Was Kahlua a bad thing to mix with it?  Maybe the coffee flavor interfered too much with the tea?  Maybe I should have stuck to rum?

Time will tell.  I’m definitely going to try it again.  Maybe I’ll wait until I’m back home in TX, in the folks’ kitchen.  Maybe they’ll show me how to make it the right way.

Or, maybe I’ll just hop a plane to Thailand.  If it makes this stuff taste good, I can only imagine the Pad Thai.

A New Season in Prague

Tortilla Soup

Summer is long past here in the breadbasket of Central Europe. It has been cold and damp for what seems like months. It’s actually only been a couple weeks but the mood has changed around the NH household. My wife and I are observing the change by taking a little more time to crawl out from under the sheets in the morning and by spending much more time planning and preparing dinners. For those reasons alone, I accept the cold weather.  It allows me the chance to get really down and dirty  – in the kitchen.

As proof of this, here’s a sampling of what we’ve cooked over the past couple of weeks: Duck Empanadas, Tortilla Soup, Coconut Shrimp, Flammkuchen, Seared Foie Gras, French Onion soup, Mongolian Beef and Baked Ziti. Add on top of this the fact that we’ve been to a couple of really good restaurants on nights out of the kitchen and you end up with a really good reason to love the season.

The changes are also visible in my 2 and ½ year-old daughter. You can see her take note of the difference in the weather and surroundings outside. She’s interested in the leaves, is mastering putting on her gloves and upon my arrival after a trek from the metro,  she grasps my chilly fingertips and asks, “Was it cold, Daddy?”  (She’s less excited about the food, though. Duck empanadas and French Onion Soup for a 2-year-old? As she puts it, “No thank you, Daddy; I’m having pizza right now.”)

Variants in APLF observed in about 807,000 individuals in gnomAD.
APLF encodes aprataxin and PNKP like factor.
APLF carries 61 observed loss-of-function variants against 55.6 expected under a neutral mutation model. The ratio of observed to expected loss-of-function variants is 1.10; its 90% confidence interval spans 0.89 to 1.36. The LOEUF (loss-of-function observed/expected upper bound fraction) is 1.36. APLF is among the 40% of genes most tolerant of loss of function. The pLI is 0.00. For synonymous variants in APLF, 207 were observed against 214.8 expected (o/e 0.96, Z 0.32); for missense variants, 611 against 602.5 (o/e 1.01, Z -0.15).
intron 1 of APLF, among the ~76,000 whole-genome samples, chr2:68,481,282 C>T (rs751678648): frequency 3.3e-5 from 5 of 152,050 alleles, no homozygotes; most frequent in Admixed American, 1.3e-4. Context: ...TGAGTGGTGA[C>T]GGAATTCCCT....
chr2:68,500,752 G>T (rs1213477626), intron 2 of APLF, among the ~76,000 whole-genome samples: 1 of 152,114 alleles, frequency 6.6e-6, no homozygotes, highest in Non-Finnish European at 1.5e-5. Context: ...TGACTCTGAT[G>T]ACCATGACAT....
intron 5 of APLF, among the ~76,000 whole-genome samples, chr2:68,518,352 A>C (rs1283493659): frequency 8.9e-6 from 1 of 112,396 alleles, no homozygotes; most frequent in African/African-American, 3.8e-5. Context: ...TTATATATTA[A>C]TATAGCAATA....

Winter often gets a bad rap from the NH side of the gene pool – and for good reason. In my book it pretty much ceases to be fun after December, save for the prospect of good snow for sledding and the opportunities to enjoy hot toddies in some cave-like Prague cellar bar. However, the lead-up to the full winter letdown is something to enjoy and savor.

Christmas is coming and with that, there are the Christmas markets in Europe. We’ll be hitting them with family this year and whenever those markets are concerned, the more the merrier. Then, there will be Christmas with the whole family – our first in five years (though, not everybody at once).

Inevitably, the January to February doldrums will hit. Of course, I hope to chase those blues away with the help of some new living room technology. Nothing like a fresh Windows 7 install to warm the spirit.

Happy fall, peeps, happy fall.

Sherried Duck Empanada Recipe

Duck Empanadas

After a ridiculously delicious Saturday night, I found myself in the house on a rainy, cold Sunday.  I also found myself with two duck leg/thigh combos in the fridge and a wife that blew me away by saying, “Let’s make duck empanadas.  I’ll make the dough.”  Giddyup!

A few hours later, I was cradling a puffy, golden sherried duck empanada in my hand marveling at the result of husband and wife teamwork.  In the other hand I was holding a glass of la Gitana Manzanilla.  On my face was a big, fat grin.

Here’s how it all went down…

For the Filling:

2 leg/thighs of duck (skin on)
salt and pepper
1/2 can of beer
1 diced red pepper
1 diced onion
3 cloves garlic, minced
2 tablespoons olive oil
1 1/2 cup dry sherry (Not La Gitana Manzanilla!  But an oloroso would also be good in this recipe.)
1/2 cube beef bullion